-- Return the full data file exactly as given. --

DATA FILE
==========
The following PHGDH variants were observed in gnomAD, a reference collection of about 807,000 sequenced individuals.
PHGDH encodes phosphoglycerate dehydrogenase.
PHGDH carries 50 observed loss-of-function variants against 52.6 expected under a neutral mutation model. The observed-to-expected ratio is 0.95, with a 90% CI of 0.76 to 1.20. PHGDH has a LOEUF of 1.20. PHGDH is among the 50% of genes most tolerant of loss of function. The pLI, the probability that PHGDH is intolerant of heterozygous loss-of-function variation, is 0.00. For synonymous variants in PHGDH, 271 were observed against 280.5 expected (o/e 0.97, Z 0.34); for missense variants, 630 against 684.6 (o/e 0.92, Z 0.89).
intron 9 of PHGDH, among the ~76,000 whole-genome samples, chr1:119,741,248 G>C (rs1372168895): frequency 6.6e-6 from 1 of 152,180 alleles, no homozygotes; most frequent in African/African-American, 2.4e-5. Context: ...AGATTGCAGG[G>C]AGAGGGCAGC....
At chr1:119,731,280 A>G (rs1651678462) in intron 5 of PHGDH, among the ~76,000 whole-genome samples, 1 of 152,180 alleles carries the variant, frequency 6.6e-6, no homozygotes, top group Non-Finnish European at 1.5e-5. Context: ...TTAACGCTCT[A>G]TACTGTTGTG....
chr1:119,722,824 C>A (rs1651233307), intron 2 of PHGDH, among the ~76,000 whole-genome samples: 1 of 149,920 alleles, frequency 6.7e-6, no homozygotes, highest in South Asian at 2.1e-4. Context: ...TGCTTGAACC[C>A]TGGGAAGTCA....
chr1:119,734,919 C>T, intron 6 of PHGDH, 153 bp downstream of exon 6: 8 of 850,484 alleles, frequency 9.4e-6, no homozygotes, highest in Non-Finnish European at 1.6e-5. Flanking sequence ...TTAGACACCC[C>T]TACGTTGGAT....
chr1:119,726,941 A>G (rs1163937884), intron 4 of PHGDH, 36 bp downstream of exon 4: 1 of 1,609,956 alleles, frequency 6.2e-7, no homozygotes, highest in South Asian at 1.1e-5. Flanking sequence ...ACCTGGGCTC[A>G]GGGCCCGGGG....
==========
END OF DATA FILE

The following PHGDH variants were observed in gnomAD, a reference collection of about 807,000 sequenced individuals.
PHGDH encodes phosphoglycerate dehydrogenase.
PHGDH carries 50 observed loss-of-function variants against 52.6 expected under a neutral mutation model. The observed-to-expected ratio is 0.95, with a 90% CI of 0.76 to 1.20. PHGDH has a LOEUF of 1.20. PHGDH is among the 50% of genes most tolerant of loss of function. The pLI, the probability that PHGDH is intolerant of heterozygous loss-of-function variation, is 0.00. For synonymous variants in PHGDH, 271 were observed against 280.5 expected (o/e 0.97, Z 0.34); for missense variants, 630 against 684.6 (o/e 0.92, Z 0.89).
intron 9 of PHGDH, among the ~76,000 whole-genome samples, chr1:119,741,248 G>C (rs1372168895): frequency 6.6e-6 from 1 of 152,180 alleles, no homozygotes; most frequent in African/African-American, 2.4e-5. Context: ...AGATTGCAGG[G>C]AGAGGGCAGC....
At chr1:119,731,280 A>G (rs1651678462) in intron 5 of PHGDH, among the ~76,000 whole-genome samples, 1 of 152,180 alleles carries the variant, frequency 6.6e-6, no homozygotes, top group Non-Finnish European at 1.5e-5. Context: ...TTAACGCTCT[A>G]TACTGTTGTG....
chr1:119,722,824 C>A (rs1651233307), intron 2 of PHGDH, among the ~76,000 whole-genome samples: 1 of 149,920 alleles, frequency 6.7e-6, no homozygotes, highest in South Asian at 2.1e-4. Context: ...TGCTTGAACC[C>A]TGGGAAGTCA....
chr1:119,734,919 C>T, intron 6 of PHGDH, 153 bp downstream of exon 6: 8 of 850,484 alleles, frequency 9.4e-6, no homozygotes, highest in Non-Finnish European at 1.6e-5. Flanking sequence ...TTAGACACCC[C>T]TACGTTGGAT....
chr1:119,726,941 A>G (rs1163937884), intron 4 of PHGDH, 36 bp downstream of exon 4: 1 of 1,609,956 alleles, frequency 6.2e-7, no homozygotes, highest in South Asian at 1.1e-5. Flanking sequence ...ACCTGGGCTC[A>G]GGGCCCGGGG....